Newcastle has two cathedrals, the Anglican St. Nicholas, with its elegant lantern tower of 1474, and the Roman Catholic St. Mary's, designed by Augustus Welby Pugin. Both cathedrals began their lives as parish churches. St Mary's became a cathedral in 1850 and St Nicholas' in 1882. Cardinal Basil Hume, Archbishop of Westminster (1976-1999) was born in the city in 1923. A statue of the Cardinal, (unveiled by the Queen in 2002), stands outside St Mary's Cathedral in a memorial garden dedicated to the religious leader.
Of the population, 11.8% described themselves as "not healthy" in the 12 months before the 2001 census, compared to a national average of 9.2%. Additionally, 21.6% of the inhabitants said they had a long-term illness, as against 18.2% nationally.
Newcastle Hospitals Trust One has one of the lowest mortality rates in the country and is ranked second in the country for confidence in doctors. Staffing levels are high - in the top 70 in England for doctors and the top ten for nurses. Newcastle has three large teaching hospitals: the Royal Victoria Infirmary, whose organ donor system has been featured on television; the Newcastle General Hospital and the Freeman Hospital, which amongst other things, performs transplant surgery.
 Transport and infrastructure
Located on the northern outskirts of the city, near Ponteland, is Newcastle Airport, which has recently been rebranded as Newcastle International. The airport currently handles over five million passengers per year, and is one of the fastest growing airports in the UK. As of 2006, more than 80 destinations are available world-wide. It is currently the UK's ninth biggest airport. A large scale development in unused land near the edge of the city close to the airport should help growth further. The development is called Newcastle Great Park. If Newcastle's super casino bid is a success then that should also contribute to growth.
A recent article revealed that the airport hoped to achieve 10 million passangers by 2016, and 15 million by 2030.
Newcastle and the surrounding area has an extensive bus network that is coordinated by Nexus, the Tyne and Wear Passenger Transport Executive. Buses are operated mainly by Go North East, Arriva and Stagecoach North East.
Quayside Transit (operated by Stagecoach Newcastle), a £5m bus scheme using ultra low emission hybrid diesel-electric vehicles was launched in July 2005.
In 1904, the North Eastern Railway built an electric suburban railway serving both banks of the Tyne, and the northern suburbs. The system was transformed into the Tyne and Wear Metro which opened in 1980, and extends as far as Newcastle Airport, Tynemouth and South Hylton in Sunderland. The system is one of only four underground systems in the United Kingdom.
The Metro is usually described as Britain's first modern light rail system. It carries approximately 40 million passenger journeys per year, and is co-ordinated by the Tyne and Wear Passenger Transport Executive. It is the second biggest metropolitan train system in the UK.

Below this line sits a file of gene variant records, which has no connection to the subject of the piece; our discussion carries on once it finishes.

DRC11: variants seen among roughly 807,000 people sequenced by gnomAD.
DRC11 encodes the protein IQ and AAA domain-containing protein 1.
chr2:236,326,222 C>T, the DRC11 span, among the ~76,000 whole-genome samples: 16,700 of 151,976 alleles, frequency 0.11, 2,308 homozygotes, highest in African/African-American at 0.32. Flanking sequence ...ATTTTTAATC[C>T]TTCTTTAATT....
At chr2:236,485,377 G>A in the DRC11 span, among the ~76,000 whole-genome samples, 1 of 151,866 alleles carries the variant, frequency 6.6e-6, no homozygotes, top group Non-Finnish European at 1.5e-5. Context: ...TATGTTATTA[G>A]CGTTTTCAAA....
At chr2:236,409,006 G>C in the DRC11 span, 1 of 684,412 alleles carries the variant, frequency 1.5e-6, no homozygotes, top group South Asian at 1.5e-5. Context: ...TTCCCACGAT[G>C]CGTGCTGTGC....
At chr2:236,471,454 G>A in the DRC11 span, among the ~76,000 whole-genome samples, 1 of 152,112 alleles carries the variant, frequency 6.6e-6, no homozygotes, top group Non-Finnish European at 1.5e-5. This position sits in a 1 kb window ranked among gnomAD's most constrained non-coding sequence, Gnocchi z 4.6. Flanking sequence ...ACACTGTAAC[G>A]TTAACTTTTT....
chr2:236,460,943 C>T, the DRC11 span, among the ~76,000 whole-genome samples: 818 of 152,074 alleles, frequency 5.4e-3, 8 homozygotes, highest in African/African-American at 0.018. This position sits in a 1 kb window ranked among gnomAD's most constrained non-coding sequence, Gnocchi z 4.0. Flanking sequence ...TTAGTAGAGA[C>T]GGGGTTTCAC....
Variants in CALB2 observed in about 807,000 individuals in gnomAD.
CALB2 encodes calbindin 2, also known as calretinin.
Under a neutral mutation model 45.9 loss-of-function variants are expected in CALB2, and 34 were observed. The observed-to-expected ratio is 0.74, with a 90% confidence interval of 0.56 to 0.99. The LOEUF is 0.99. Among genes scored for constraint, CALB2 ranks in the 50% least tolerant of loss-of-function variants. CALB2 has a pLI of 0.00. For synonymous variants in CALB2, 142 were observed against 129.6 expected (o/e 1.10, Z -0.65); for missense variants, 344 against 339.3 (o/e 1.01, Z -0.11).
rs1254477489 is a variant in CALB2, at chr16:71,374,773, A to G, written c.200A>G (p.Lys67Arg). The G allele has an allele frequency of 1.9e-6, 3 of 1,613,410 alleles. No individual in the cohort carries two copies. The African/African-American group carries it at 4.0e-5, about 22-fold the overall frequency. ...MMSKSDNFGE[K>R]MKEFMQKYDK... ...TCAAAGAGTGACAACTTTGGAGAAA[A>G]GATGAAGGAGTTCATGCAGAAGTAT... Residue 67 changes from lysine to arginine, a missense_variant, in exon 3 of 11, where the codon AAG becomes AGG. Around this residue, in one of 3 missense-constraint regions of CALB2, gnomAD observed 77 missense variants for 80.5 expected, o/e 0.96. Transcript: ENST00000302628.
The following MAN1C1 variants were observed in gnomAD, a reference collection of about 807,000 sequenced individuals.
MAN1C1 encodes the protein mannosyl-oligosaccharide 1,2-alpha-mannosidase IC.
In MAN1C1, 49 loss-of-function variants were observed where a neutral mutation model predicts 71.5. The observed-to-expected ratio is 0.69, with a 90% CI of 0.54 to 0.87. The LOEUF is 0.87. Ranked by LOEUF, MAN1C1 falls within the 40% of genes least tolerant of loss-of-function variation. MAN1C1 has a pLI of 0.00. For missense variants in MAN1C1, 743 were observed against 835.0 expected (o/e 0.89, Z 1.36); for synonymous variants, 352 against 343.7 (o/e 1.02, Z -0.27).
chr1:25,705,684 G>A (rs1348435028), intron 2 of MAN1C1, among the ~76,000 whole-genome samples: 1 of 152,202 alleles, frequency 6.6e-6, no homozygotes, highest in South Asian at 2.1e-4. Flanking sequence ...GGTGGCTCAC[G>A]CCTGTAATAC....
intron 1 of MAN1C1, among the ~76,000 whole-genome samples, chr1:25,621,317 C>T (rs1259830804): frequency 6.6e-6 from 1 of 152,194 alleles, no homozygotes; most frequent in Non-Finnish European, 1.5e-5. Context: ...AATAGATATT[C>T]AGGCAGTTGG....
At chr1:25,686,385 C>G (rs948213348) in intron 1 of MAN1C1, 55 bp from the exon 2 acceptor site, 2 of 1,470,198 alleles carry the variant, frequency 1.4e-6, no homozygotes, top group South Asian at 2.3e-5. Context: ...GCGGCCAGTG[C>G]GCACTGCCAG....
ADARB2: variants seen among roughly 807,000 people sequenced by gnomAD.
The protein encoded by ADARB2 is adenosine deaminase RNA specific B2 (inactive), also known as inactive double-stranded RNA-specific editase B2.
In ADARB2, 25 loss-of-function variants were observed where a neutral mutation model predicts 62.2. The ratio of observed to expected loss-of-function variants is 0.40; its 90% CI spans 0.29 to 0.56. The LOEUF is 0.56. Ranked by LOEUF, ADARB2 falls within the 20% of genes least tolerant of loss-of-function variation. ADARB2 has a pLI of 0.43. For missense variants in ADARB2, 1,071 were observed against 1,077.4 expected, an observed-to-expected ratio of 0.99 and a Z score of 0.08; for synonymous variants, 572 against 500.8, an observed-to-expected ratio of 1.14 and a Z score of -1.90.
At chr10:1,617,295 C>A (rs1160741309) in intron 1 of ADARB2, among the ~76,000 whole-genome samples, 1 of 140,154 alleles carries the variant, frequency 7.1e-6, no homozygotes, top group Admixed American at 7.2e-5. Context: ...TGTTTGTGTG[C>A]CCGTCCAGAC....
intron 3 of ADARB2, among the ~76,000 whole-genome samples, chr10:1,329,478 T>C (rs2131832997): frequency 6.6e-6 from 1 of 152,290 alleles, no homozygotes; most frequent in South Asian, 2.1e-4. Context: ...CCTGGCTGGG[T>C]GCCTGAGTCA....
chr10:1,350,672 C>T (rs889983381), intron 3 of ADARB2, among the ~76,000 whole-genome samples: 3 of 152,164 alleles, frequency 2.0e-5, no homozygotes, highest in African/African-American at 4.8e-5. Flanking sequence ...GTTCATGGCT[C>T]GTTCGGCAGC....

Newcastle is a principal stop on the East Coast Main Line and Cross Country Route. The central station was the first covered railway station in the world and was much copied across the UK. It has a fine neoclassical frontage originally designed by the architect John Dobson and was constructed in collaboration with Robert Stephenson. The station was opened in 1850 by Queen Victoria, with the first services being operated by the North Eastern Railway company.
Today, train operator GNER provides a half-hourly frequency of trains to London, with a journey time of a little less than three hours. Virgin Trains, Northern Rail and Transpennine Express operate regular services to many other destinations including Birmingham, Bristol, Cardiff, Carlisle, Edinburgh, Glasgow, Leeds, Liverpool and Sheffield.
The city's other mainline station, Manors, is situated to the north east of the city centre.
Major roads in the area include:
- A1 (Gateshead Newcastle western-bypass), stretching north/south between London and Edinburgh
- A19 heading south past Sunderland and Middlesbrough to York and Doncaster
- A69 heading west to Carlisle
- A167 the old Great North Road heading south to Gateshead, Chester-le-Street, Durham and Darlington
- A1058 "coast road" which runs from Jesmond to the east coast between Tynemouth and Cullercoats
Many of these designations are recent - upon completion of the western bypass, and its designation as the new line of the A1, the roads between this and the former line through the Tyne Tunnel were renumbered wholesale, with many city centre roads changing from a 6-prefix to their present 1-prefix numbers.